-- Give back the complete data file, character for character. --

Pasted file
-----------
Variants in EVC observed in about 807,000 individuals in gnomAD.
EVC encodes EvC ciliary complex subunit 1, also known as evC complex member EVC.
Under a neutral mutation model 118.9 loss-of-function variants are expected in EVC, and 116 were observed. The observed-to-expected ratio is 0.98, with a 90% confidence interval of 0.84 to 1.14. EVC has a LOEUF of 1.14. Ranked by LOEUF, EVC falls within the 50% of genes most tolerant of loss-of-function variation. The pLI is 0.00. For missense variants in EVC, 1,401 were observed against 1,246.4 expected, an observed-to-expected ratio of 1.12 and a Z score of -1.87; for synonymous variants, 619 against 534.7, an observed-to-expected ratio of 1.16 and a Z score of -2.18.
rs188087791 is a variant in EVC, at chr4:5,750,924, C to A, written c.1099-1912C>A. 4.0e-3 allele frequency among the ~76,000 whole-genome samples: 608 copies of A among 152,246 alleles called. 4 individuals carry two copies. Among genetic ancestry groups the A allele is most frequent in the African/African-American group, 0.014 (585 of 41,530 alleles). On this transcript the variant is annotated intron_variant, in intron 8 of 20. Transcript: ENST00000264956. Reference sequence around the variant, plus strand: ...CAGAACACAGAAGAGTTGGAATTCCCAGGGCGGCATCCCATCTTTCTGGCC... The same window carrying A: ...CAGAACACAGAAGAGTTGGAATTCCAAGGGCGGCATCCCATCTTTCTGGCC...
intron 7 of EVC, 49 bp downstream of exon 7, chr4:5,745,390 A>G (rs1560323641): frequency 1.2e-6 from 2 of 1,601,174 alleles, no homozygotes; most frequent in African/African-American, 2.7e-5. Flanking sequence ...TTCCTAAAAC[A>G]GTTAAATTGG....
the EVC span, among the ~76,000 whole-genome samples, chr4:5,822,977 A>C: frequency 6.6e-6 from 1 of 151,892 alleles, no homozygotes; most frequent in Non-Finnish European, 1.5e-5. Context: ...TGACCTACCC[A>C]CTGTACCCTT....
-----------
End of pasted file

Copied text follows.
Variants in EVC observed in about 807,000 individuals in gnomAD.
EVC encodes EvC ciliary complex subunit 1, also known as evC complex member EVC.
Under a neutral mutation model 118.9 loss-of-function variants are expected in EVC, and 116 were observed. The observed-to-expected ratio is 0.98, with a 90% confidence interval of 0.84 to 1.14. EVC has a LOEUF of 1.14. Ranked by LOEUF, EVC falls within the 50% of genes most tolerant of loss-of-function variation. The pLI is 0.00. For missense variants in EVC, 1,401 were observed against 1,246.4 expected, an observed-to-expected ratio of 1.12 and a Z score of -1.87; for synonymous variants, 619 against 534.7, an observed-to-expected ratio of 1.16 and a Z score of -2.18.
rs188087791 is a variant in EVC, at chr4:5,750,924, C to A, written c.1099-1912C>A. 4.0e-3 allele frequency among the ~76,000 whole-genome samples: 608 copies of A among 152,246 alleles called. 4 individuals carry two copies. Among genetic ancestry groups the A allele is most frequent in the African/African-American group, 0.014 (585 of 41,530 alleles). On this transcript the variant is annotated intron_variant, in intron 8 of 20. Transcript: ENST00000264956. Reference sequence around the variant, plus strand: ...CAGAACACAGAAGAGTTGGAATTCCCAGGGCGGCATCCCATCTTTCTGGCC... The same window carrying A: ...CAGAACACAGAAGAGTTGGAATTCCAAGGGCGGCATCCCATCTTTCTGGCC...
intron 7 of EVC, 49 bp downstream of exon 7, chr4:5,745,390 A>G (rs1560323641): frequency 1.2e-6 from 2 of 1,601,174 alleles, no homozygotes; most frequent in African/African-American, 2.7e-5. Flanking sequence ...TTCCTAAAAC[A>G]GTTAAATTGG....
the EVC span, among the ~76,000 whole-genome samples, chr4:5,822,977 A>C: frequency 6.6e-6 from 1 of 151,892 alleles, no homozygotes; most frequent in Non-Finnish European, 1.5e-5. Context: ...TGACCTACCC[A>C]CTGTACCCTT....